At the National Prayer Breakfast this week in Washington, President Trump reaffirmed his commitment to repeal the Johnson Amendment. The Johnson Amendment has been used for decades by the American left to muzzle pastors and churches from having any voice in public policy. By misrepresenting the Amendment, organizations like the Freedom from Religion Foundation and the ACLU have sued churches and religious organizations that hold conservative views, claiming that their voice on cultural issues violates their tax exempt status. As a result, an obscure amendment to a 1954 tax bill has become a wet blanket to religious liberty and has undermined the First Amendment rights of faithful Americans.
The Johnson Amendment was inserted into a bill, H.R. 8300, which was signed into law as the Internal Revenue Code of 1954. The provision did not raise many eyebrows at the time of its passage, nor for years thereafter. That’s primarily because it had nothing to do with churches; it was inserted into the tax bill by Lyndon Johnson, then a U.S. Senator from Texas, in response to two Texas political think tanks with 501C-3 status that had endorsed his primary opponent in that year’s elections. Only after secular activists and activist courts later began to use it as a battering ram against conservative Christian organizations did it gain any significance or attention outside Texas politics.
President Trump is right to call for its repeal on grounds that it violates religious liberty and undermines the First Amendment. I sincerely hope that he and the Republican-controlled 115th Congress repeals this poison pill in the tax code that is a threat to churches and Christian organizations across the country. That the President is insistent on its repeal is a good sign that he is serious about protecting religious liberty and freedom of conscience in this country.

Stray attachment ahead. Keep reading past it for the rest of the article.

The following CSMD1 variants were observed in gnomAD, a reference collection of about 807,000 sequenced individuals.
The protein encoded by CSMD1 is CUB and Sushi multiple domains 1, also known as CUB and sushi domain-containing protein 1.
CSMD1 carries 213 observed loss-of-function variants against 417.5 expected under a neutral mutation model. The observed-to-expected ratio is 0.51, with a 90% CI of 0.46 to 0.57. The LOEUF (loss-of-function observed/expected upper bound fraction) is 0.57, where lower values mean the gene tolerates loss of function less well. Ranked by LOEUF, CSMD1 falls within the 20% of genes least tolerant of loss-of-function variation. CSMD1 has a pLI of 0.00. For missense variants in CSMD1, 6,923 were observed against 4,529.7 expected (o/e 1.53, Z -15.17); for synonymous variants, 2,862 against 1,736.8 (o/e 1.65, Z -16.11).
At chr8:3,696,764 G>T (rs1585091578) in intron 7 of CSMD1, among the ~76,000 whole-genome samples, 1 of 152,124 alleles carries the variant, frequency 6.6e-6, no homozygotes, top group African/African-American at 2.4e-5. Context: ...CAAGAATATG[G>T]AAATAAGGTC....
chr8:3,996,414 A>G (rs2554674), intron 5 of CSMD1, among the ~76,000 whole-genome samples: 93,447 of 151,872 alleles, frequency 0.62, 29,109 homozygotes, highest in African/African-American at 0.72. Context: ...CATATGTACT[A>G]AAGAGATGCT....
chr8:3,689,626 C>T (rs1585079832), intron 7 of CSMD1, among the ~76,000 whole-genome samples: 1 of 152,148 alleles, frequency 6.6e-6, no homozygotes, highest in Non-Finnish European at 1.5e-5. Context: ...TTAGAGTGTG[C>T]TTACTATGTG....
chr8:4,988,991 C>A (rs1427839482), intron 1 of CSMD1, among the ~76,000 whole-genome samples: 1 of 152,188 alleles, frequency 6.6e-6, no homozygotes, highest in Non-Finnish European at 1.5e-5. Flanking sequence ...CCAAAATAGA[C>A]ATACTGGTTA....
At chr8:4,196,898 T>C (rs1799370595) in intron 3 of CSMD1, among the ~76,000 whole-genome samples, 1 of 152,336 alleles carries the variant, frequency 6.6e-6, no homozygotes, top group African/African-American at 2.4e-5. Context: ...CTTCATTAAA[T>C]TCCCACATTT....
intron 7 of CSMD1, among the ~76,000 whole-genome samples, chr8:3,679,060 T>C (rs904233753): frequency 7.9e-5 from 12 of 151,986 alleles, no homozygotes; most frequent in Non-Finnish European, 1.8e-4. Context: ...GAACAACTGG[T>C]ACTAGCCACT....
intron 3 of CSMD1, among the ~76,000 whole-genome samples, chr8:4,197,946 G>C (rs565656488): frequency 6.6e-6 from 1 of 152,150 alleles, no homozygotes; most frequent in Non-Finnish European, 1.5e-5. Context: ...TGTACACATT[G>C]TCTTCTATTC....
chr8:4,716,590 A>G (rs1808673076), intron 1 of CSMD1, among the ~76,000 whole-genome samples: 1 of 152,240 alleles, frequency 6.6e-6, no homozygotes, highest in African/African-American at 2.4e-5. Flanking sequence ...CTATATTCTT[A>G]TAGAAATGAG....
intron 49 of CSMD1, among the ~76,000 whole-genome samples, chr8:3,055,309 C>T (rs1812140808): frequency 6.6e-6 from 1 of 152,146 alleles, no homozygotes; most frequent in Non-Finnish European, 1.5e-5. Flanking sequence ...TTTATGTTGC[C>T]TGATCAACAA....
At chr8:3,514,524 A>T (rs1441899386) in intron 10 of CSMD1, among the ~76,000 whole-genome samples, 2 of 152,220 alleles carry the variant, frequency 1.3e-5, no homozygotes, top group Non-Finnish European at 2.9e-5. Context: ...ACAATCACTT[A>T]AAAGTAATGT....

The President’s dogged and noble persistence in repealing the Johnson Amendment makes the Trump Administration’s decision to leave President Obama’s executive order on LGBT workplace “protections” in place all the more surprising. In reality, no EO was needed to protect LGBT citizens in the workplace; they already have equal protections under employment law enjoyed by all other Americans, regardless of their sexual orientation. The Obama-era EO not only is not needed to protect LGBT Americans, it actively persecutes Christian businesses and charitable organizations. By making it a legal requirement that all businesses and organizations that seek to do business with the Federal government actively support and promote LGBT issues and causes, the order actively discriminates against conservative business leaders and owners.
President Trump’s insistence that we repeal the Johnson Amendment is the right thing to do, and he is doing it for the right reasons. His continued support for his predecessors order that undermines religious liberty for Christian businesses seems contradictory in comparison. It is my hope that President Trump revisits President Obama’s order based on what it does, not what it says it does. I understand the reluctance to repeal workplace “protections” from LGBT Americans, but this order is about workplace promotion of a sexual agenda.
By repealing the Johnson Amendment and President Obama’s executive order that discriminates against Christian businesses, President Trump will reinstall religious liberty as a cornerstone of American liberty. While religious liberty is not a license to discriminate, neither is political correctness a license to persecute and exclude people of faith from political discourse or commercial activity.